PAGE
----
My childhood: Music and Deafness
My music education began at home. My parents are both very musical – back in the 1980s when I was tiny my father was a primary school teacher and gave guitar lessons privately at home but a few years before he married my mother he toured around Germany with a band called ‘The Snappers’ as a lead guitarist and songwriter. My mother was a nursery teacher and felt very strongly that singing and music making sessions for the children in her care were an important gateway to learning language, social skills and the world around them. My three brothers (all hearing) were committed choristers at the Cathedral from a young age for a good ten years. We all received piano lessons and would compare our books and the different stages we were at.
When I think about my childhood growing up in London my mind takes me back to playing with my brothers in the garden, hide and seek, homemade birthday cakes and parties, visiting London Zoo and Kew Gardens. But most of all – a lot of concert halls! Wigmore Hall, Royal Albert Hall, The Barbican and the Royal Festival Hall at the South Bank, to name a few. I remember the sheer size of the buildings, the rows of seats, the lights, the elegant walls, window decoration and the way people behaved. We had to sit very quietly, behave appropriately during performances and dress up nicely. I remember that despite my age I was always totally focused, in awe of the orchestral musicians playing for 2-3 hours at a time without looking worn out. The singer’s facial expressions were something else, especially during a sorrowful song. I remember how the conductor’s wildly waving arms magically influenced the way the musicians played. I would scan the room watching the audience’s face, trying to assess whether they were enjoying themselves or if they had fallen asleep.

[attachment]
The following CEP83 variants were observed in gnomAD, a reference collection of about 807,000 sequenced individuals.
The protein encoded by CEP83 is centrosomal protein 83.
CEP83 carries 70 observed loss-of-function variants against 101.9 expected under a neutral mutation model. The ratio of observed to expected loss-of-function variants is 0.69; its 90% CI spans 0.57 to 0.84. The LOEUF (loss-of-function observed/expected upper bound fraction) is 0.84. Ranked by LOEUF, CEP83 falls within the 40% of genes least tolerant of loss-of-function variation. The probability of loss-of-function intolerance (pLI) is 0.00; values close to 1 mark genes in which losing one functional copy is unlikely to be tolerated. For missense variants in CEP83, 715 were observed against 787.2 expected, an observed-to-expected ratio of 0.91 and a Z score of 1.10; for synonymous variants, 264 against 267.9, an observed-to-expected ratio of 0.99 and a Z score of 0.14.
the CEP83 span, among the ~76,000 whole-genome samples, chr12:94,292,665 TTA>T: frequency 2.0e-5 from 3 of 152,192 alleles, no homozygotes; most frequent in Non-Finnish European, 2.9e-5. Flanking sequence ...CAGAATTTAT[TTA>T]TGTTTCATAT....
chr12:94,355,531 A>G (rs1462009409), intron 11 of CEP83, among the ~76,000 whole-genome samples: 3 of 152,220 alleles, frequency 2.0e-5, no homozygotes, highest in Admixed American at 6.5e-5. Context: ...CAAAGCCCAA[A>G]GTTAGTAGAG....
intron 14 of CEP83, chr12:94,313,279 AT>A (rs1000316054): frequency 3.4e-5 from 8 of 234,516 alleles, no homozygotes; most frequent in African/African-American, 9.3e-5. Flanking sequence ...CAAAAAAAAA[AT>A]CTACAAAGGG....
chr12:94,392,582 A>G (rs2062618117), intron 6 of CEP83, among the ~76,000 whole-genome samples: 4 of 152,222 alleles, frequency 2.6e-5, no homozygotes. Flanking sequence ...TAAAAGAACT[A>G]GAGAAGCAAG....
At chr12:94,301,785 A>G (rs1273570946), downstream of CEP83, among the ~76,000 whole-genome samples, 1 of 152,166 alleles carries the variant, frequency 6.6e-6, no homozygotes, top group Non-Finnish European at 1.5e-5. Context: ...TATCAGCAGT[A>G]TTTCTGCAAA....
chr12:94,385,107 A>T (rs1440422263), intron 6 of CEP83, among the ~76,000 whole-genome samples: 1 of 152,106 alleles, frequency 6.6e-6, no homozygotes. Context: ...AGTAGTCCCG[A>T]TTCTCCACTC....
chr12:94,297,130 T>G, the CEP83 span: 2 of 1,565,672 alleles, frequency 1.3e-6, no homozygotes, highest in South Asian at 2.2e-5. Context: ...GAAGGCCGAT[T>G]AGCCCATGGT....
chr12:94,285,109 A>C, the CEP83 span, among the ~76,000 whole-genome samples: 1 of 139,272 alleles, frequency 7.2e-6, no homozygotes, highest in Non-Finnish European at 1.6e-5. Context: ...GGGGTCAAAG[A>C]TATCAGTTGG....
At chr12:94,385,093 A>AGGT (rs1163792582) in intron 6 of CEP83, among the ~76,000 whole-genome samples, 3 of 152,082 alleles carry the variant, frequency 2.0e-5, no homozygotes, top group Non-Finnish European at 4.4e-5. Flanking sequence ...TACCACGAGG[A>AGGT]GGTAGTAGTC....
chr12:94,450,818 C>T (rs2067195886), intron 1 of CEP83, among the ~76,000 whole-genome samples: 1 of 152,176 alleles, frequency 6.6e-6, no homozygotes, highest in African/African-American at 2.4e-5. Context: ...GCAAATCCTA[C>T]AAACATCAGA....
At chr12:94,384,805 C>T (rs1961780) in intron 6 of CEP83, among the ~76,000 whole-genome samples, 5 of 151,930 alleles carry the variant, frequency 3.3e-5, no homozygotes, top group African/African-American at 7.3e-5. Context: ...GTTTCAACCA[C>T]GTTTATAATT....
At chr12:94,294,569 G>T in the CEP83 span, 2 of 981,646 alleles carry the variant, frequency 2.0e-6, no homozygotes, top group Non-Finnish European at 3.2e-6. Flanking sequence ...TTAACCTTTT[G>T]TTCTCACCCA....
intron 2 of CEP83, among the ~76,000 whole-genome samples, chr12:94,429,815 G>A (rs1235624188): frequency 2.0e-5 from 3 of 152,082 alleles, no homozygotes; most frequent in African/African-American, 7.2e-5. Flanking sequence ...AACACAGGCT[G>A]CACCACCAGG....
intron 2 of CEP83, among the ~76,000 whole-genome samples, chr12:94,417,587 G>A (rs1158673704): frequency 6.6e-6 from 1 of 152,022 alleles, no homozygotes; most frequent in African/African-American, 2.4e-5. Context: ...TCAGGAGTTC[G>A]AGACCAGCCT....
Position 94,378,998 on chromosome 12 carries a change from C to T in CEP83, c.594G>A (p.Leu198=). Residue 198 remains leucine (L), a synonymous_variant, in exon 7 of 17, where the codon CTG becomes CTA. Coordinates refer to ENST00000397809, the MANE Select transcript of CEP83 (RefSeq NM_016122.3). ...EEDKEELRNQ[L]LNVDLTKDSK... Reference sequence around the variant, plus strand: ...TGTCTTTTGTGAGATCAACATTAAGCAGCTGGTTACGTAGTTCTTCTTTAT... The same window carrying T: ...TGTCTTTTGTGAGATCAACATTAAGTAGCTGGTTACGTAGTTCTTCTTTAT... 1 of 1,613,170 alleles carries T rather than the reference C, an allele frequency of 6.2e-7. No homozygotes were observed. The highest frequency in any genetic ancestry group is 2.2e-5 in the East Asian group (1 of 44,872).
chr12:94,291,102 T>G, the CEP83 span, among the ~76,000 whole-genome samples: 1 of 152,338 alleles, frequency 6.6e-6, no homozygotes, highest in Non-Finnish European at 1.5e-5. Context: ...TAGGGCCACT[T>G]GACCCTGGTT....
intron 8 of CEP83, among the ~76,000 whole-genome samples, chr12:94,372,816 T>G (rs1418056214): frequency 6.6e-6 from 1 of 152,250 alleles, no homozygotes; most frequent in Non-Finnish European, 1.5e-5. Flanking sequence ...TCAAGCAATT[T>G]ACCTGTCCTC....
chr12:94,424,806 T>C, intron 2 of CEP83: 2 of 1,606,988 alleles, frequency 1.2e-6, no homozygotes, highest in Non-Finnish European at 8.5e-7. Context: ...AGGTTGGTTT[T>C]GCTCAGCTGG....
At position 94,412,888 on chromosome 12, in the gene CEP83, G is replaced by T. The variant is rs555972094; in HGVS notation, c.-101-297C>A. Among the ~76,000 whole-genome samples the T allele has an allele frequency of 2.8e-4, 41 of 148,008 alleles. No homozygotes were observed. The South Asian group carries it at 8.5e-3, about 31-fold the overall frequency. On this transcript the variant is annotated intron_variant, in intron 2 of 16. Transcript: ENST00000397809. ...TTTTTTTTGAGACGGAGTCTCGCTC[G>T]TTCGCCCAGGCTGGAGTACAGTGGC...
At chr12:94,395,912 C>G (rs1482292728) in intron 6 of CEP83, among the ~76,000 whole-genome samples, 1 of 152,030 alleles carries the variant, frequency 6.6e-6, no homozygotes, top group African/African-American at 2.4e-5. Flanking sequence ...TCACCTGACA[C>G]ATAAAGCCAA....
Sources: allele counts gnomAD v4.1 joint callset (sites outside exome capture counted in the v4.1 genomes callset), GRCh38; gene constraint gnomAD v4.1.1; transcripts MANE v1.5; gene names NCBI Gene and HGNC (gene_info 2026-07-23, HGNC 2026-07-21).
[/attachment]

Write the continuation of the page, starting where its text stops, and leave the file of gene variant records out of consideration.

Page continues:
Although as a little girl I was very good at singing basic nursery songs and playing Twinkle, Twinkle Little Star on the piano, I instinctively knew that the power of music was anything from being a simple happy-clappy tune at home but something compelling and powerful that attracted people from all backgrounds to fill up an entire concert hall – I also knew it was a huge money spinner.
My parents found out I was profoundly deaf at the age of three. They realised that I wasn’t talking clearly and went on from there. The hospital gave me hearing aids to amplify sounds. I was a good girl and wore them all the time. I remember having speech therapy, though only for a short period of time. Music taught me a lot about hearing and listening.
I went to a local primary school without any specialist support for deaf children. I remember sitting in the middle of the classroom (no– I wasn’t right at the front to see the teacher) and I would not have a clue what was going on, or what the teacher was talking about. I would stare at the class wall and look at the pictures for information and connect the words to the pictures e.g ‘TUESDAY / CLOUDY AND RAIN’ and noticed the change in words and pictures the next day. When I was tidying my parents’ loft a few years ago I came across my school reports and teachers would write that I copied everyone’s work. I do remember being desperate to learn but I was a quiet school child and did not really speak out anything to anyone. As I could hear and speak pretty well I think everyone assumed I would get by.